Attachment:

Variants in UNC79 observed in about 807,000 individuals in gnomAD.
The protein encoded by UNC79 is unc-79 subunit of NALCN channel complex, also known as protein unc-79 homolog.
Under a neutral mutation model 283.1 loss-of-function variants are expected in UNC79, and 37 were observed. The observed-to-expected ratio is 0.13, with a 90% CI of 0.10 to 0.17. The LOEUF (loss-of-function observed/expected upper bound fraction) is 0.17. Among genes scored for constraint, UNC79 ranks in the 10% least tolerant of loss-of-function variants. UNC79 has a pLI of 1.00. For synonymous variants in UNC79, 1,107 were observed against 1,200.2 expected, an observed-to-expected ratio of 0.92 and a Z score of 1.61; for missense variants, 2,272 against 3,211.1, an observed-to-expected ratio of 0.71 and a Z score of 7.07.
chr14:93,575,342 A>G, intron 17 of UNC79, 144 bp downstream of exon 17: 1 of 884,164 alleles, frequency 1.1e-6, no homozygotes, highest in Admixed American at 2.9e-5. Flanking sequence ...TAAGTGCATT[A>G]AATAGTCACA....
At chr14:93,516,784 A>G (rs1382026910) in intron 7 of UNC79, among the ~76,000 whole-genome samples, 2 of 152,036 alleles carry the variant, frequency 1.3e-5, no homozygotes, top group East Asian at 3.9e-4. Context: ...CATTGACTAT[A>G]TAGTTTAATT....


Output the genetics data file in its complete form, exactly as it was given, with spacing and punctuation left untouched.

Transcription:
Variants in UNC79 observed in about 807,000 individuals in gnomAD.
The protein encoded by UNC79 is unc-79 subunit of NALCN channel complex, also known as protein unc-79 homolog.
Under a neutral mutation model 283.1 loss-of-function variants are expected in UNC79, and 37 were observed. The observed-to-expected ratio is 0.13, with a 90% CI of 0.10 to 0.17. The LOEUF (loss-of-function observed/expected upper bound fraction) is 0.17. Among genes scored for constraint, UNC79 ranks in the 10% least tolerant of loss-of-function variants. UNC79 has a pLI of 1.00. For synonymous variants in UNC79, 1,107 were observed against 1,200.2 expected, an observed-to-expected ratio of 0.92 and a Z score of 1.61; for missense variants, 2,272 against 3,211.1, an observed-to-expected ratio of 0.71 and a Z score of 7.07.
chr14:93,575,342 A>G, intron 17 of UNC79, 144 bp downstream of exon 17: 1 of 884,164 alleles, frequency 1.1e-6, no homozygotes, highest in Admixed American at 2.9e-5. Flanking sequence ...TAAGTGCATT[A>G]AATAGTCACA....
At chr14:93,516,784 A>G (rs1382026910) in intron 7 of UNC79, among the ~76,000 whole-genome samples, 2 of 152,036 alleles carry the variant, frequency 1.3e-5, no homozygotes, top group East Asian at 3.9e-4. Context: ...CATTGACTAT[A>G]TAGTTTAATT....